Additionally, if serializing/deserializing reduces the amount of data transferred over TCP, using the JSON functions in SQL Server will most likely give you better total app/environment performance.

Thanks for reading. You might also enjoy following me on Twitter.

Want to learn even more SQL?

Sign up for my newsletter to receive weekly SQL tips!

JSON Support Is The Best New Developer Feature in SQL 2016 — Part 4: Performance Comparisons

This is the fourth article in my series about learning how to use SQL Server 2016’s new JSON functions. If you haven’t already, you can read Part 1 — Parsing JSON, Part 2 — Creating JSON, and Part 3 — Updating, Adding, and Deleting JSON.


Additional performance comparisons available in an updated post.

We’ve finally come to my favorite part of analyzing any new software feature: performance testing. SQL Server 2016’s new JSON functions are great for parsing JSON data, creating JSON data, and modifying JSON data, but are they efficient?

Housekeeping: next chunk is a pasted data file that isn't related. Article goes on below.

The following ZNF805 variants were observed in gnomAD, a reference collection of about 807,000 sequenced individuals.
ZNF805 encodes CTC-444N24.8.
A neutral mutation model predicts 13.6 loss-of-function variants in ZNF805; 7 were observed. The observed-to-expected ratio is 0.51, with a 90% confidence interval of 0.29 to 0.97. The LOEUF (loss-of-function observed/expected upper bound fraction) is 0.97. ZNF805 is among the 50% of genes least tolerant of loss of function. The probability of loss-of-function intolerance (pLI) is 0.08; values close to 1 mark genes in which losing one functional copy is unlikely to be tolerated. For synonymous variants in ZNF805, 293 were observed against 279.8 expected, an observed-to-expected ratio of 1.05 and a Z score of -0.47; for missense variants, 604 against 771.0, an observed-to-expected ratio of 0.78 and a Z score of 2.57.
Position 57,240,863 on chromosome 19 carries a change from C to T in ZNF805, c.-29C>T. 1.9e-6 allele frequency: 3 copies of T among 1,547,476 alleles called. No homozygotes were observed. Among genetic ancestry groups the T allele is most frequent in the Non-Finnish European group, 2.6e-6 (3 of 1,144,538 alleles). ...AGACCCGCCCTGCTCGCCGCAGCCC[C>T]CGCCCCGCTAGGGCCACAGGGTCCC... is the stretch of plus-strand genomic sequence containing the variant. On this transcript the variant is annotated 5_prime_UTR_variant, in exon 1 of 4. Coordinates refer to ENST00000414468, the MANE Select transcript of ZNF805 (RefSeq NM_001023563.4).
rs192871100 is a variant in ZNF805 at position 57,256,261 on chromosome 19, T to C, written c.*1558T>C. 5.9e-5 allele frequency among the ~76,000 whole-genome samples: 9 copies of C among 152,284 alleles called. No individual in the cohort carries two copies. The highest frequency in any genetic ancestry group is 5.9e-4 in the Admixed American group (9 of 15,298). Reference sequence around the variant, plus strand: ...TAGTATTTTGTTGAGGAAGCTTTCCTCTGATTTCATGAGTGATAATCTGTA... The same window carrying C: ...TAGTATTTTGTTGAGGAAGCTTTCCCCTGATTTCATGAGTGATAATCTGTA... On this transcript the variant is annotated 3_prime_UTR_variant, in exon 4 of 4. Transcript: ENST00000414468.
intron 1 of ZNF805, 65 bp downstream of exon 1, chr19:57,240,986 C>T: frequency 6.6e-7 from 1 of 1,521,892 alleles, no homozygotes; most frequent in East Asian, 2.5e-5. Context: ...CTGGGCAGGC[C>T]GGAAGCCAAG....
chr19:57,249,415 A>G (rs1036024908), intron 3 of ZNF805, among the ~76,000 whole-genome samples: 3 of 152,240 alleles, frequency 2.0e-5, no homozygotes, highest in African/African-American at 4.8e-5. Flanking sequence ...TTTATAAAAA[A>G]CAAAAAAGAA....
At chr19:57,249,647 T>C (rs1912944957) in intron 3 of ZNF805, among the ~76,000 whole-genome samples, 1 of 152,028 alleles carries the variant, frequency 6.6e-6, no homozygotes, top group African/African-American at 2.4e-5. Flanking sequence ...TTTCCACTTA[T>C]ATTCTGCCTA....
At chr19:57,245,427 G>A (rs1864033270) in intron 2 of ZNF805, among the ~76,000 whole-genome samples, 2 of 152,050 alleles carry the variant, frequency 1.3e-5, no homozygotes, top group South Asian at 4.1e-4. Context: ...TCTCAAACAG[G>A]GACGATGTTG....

Today we’ll examine three areas of SQL Server JSON performance:

  1. How to maximize performance for the new SQL Server JSON functions
  2. How the new SQL Server JSON functions compare against what was previously available in SQL Server
  3. How the new SQL JSON functions compare against Newtonsoft’s Json.NET

Maximizing SQL Server JSON Function Performance

I wanted to use a sizable data set in order to test the performance of the new JSON functions in SQL Server 2016. I found arthurkao’s car year/make/model data on GitHub and decided this ~20k element JSON array would be perfect for performance testing purposes. For my tests I’ll be using both the original JSON string as well as a SQL table that I created from the original JSON array: